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Cyber Fraud: Are Your Children at Risk?

| March 08, 2016
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As parents, we are protective of our children. We tell them to look both ways before crossing the road, not to talk to strangers, and not to play with knives. However, in spite of the best intentions, most parents are still leaving their children vulnerable to a new type of crime: cyber fraud.

How Cyber Thieves Target Children

The possibility of identity theft is often overlooked for children, but they are a real target today. In fact, they are an ideal target for cyber thieves because they have clean records that the thieves can use to apply for credit cards, bank accounts, loans, government benefits, and tax breaks. Criminals commonly combine a child’s real social security number with a fake address and date of birth to avoid suspicion.

Even for the youngest of children, cyber fraud is a serious and growing problem. According to a survey released in October by the National Cyber Security Alliance, one in five US households has been notified by a school of a data breach that exposed their students’ personal information. In December, 5.6 million children’s dates of birth and genders were exposed in a data breach at a digital-learning toymaker, many of the victims merely toddlers.

In 2015, about 5.4% of the cases heard by the Identity Theft Resource Center related to children. That may not seem like a large number, but in reality, the frequency of child identity theft is probably much greater, but it usually goes undetected and, therefore, unreported. Thieves often have up to 18 years to use a child’s identity before their credit report is ever reviewed. Many young adults don’t know that they have been victims until they apply for student loans or file their first tax return. By that point, thieves may have been using their identity for years and destroying their credit along the way.

This is a serious problem because it can take years for the victims to remedy the situation and get everything straightened out. In the meantime, they are put at an unfair disadvantage by being denied funding for college, denied applications for credit cards or being subject to extremely high interest rates.

How to Prevent Child Identity Theft

As with many things in life, it is up to the parents to protect their children from cyber fraud. Though it may seem daunting, there are some simple things that every parent can do, including:

Teach your children to be careful online.

While every child has been told not to talk to strangers or leave their mother’s line of sight at the playground, but many of those same children are allowed to roam the world wide web unsupervised. Online predators are skilled at manipulating children into giving them all kinds of personal information and parents must train their children not to fall prey.

Watch for warning signs.

If your teenager goes to apply for a driver’s permit or license and is denied because one already exists, that is a huge red flag. However, there are more subtle warning signs, like the kinds of mail that they receive. A mailbox filled with solicitations for loyalty programs and credit cards can be a sign that there is a credit card already open in their name.

Take action after a data breach.

When personal information has been compromised, many companies offer free credit monitoring for those involved. Take advantage of it to find out more about your child’s credit and to make sure your child hasn’t become a victim.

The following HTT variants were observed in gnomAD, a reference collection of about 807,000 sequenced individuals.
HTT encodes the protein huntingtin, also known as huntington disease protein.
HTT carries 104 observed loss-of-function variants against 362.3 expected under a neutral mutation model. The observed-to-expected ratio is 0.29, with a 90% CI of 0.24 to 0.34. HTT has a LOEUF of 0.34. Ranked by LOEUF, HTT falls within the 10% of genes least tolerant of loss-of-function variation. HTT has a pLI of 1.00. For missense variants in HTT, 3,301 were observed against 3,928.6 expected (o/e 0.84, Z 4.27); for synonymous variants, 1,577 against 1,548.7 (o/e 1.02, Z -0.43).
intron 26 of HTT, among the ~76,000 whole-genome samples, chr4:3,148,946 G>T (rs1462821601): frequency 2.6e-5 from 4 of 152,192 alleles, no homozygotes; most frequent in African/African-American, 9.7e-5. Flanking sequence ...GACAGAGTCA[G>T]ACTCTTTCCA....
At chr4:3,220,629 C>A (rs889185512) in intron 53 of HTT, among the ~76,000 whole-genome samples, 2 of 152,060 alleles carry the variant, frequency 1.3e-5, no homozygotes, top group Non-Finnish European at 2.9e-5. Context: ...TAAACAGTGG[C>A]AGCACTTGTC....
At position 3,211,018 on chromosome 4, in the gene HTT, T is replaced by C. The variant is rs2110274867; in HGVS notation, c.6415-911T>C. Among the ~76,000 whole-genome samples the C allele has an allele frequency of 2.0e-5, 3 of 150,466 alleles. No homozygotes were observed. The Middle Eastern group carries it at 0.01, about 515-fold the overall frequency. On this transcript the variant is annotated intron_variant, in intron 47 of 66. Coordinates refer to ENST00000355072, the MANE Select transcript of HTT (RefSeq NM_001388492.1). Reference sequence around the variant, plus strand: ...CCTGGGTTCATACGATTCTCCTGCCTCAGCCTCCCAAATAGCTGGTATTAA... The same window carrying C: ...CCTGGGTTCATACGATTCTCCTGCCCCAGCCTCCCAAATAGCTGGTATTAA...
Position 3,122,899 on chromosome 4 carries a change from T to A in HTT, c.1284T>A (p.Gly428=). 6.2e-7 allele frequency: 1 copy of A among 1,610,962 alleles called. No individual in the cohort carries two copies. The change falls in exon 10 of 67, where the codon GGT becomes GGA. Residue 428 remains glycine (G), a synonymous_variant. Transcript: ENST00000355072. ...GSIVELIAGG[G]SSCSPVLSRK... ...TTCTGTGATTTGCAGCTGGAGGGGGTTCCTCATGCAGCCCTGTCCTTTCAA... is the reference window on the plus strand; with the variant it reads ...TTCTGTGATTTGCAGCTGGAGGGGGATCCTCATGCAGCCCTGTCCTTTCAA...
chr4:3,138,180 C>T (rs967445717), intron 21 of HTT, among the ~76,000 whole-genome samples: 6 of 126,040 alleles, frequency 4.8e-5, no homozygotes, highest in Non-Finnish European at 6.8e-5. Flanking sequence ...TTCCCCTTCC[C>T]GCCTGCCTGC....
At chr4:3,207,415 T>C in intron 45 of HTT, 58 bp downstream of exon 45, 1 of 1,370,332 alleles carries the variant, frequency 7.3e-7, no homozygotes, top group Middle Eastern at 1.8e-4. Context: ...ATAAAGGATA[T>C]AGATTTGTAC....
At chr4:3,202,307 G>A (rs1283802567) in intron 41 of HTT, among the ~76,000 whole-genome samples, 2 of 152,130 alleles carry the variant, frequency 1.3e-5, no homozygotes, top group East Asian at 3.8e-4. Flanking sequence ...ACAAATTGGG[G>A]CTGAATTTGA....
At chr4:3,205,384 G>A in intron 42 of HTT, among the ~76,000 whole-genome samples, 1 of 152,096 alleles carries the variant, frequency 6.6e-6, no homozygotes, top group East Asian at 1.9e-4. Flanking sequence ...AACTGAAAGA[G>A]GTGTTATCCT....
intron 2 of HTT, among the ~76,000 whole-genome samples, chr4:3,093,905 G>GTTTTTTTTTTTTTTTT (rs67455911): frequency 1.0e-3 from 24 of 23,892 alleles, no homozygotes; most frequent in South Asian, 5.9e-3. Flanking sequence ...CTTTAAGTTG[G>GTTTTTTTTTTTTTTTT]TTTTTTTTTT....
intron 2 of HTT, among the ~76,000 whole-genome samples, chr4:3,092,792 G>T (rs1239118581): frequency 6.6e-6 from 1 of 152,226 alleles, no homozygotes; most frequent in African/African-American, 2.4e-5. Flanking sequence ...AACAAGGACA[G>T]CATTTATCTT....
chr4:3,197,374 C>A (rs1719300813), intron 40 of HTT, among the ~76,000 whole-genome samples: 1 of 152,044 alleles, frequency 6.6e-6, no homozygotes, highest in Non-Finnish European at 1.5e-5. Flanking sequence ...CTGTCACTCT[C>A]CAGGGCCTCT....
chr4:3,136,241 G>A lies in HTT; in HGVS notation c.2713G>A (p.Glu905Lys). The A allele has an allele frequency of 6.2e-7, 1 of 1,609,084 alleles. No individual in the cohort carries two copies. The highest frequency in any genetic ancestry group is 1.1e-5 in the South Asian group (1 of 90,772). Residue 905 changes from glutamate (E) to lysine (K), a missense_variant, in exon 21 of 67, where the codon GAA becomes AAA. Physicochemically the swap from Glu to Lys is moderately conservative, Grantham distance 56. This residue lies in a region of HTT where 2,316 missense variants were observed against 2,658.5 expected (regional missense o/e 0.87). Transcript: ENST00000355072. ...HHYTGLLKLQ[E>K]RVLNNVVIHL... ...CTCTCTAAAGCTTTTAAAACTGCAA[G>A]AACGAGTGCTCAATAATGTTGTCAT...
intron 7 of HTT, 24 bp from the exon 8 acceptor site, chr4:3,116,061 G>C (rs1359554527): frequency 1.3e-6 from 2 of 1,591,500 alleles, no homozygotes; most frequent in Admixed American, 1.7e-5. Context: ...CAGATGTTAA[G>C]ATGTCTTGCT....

Monitor their credit report.

Most children do not have a credit report unless they have been added as an authorized user to their parents’ credit card. Every year, parents should check with the credit reporting companies to make sure their children do not have a credit report and request a copy to review if they do have one.

Freeze their credit.

When a credit report is frozen, lenders and others requesting to screen credit are not given access to the report unless the owner gives specific permission. Therefore, new lines of credit cannot be opened in that person’s name. Only 23 states have laws permitting a parent or guardian to freeze a minor’s credit. In the other states, the different credit reporting companies have differing policies regarding children’s credit reports. Congress is working on legislation that would allow the freezing of a minor’s credit report in all 50 states. Placing a security freeze on your children’s credit is the most effective way to protect them from identity theft.

Though many parents are unaware, cyber fraud is a real and growing threat to our nation’s children. If you have any questions regarding identity theft or would like to discuss the measures you can take to protect your children, Wealth & Pension Services Group is here to help. Call our office anytime at 770.333.0113 x 106 or email bill@wealthandpension.com.

About Bill

William "Bill" Kring is the founder of Wealth & Pension Services Group, Inc, an independent wealth management firm serving individuals and businesses near Atlanta, Georgia. As a twenty year financial veteran, Bill offers broad expertise in wealth management services including asset management, fiduciary consulting, retirement, trust and estate planning, as well as insurance and 401(k) plan services. In his past, he competed as a U.S. Cycling Federation class III rider in both road and track. To learn more about how Bill may be able to help, visit the Wealth & Pension website, connect with him on LinkedIn, call his office at 770.333.0113 x 106 or email him anytime at bill@wealthandpension.com.

call our office at 770.333.0113  x106 or email bill@wealthandpension.com.

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